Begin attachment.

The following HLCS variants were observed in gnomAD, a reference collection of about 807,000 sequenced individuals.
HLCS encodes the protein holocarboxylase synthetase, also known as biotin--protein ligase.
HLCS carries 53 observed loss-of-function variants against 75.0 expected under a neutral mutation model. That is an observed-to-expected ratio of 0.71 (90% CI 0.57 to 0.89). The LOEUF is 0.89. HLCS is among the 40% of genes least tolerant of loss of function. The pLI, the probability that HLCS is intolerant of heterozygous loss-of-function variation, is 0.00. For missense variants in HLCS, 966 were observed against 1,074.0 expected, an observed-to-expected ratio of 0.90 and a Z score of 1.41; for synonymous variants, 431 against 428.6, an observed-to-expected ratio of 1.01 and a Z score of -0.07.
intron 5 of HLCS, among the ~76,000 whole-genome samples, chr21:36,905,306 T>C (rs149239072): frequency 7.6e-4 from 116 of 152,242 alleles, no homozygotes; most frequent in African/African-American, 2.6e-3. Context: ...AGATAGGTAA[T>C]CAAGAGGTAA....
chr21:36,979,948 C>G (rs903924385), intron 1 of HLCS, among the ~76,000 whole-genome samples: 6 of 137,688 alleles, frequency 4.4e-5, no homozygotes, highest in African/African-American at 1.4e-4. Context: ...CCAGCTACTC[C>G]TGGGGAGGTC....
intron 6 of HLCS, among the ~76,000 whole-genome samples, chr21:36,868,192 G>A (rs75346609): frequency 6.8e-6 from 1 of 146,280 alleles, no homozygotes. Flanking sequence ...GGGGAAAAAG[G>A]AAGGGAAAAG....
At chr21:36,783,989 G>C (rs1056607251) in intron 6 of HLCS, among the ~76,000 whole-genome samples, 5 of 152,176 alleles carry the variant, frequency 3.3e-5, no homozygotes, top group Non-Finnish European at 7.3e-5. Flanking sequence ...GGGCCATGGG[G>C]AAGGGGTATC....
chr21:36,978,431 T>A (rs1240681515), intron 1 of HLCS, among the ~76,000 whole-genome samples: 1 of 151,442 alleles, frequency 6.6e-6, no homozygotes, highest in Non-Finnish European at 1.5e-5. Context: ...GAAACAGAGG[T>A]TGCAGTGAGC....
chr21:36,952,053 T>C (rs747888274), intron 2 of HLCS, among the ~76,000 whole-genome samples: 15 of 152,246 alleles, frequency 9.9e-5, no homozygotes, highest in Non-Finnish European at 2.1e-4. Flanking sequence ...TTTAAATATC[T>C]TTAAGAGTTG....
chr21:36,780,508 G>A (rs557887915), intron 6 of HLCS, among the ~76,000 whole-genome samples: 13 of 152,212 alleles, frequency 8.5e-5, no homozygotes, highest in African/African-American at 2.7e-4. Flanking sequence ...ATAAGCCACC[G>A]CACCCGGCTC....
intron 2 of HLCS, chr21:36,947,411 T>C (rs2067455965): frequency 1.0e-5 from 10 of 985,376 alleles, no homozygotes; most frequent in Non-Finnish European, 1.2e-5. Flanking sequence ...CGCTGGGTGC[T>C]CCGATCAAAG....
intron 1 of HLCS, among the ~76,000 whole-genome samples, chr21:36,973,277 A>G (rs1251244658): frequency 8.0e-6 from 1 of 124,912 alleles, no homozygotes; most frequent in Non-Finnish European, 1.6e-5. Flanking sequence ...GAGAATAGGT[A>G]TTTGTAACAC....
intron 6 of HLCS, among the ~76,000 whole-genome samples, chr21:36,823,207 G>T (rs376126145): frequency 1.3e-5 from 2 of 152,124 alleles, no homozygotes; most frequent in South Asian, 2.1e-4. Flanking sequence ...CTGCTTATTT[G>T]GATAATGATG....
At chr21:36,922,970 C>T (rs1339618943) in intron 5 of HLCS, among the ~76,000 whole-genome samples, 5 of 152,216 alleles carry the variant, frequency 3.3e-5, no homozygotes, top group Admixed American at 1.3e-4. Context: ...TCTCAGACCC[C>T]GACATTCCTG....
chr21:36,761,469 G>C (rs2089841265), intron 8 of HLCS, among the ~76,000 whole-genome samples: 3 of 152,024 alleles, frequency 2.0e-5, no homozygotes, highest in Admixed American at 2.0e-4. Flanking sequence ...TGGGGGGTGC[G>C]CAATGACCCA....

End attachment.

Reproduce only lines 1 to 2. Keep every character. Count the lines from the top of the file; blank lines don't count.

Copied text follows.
The following HLCS variants were observed in gnomAD, a reference collection of about 807,000 sequenced individuals.
HLCS encodes the protein holocarboxylase synthetase, also known as biotin--protein ligase.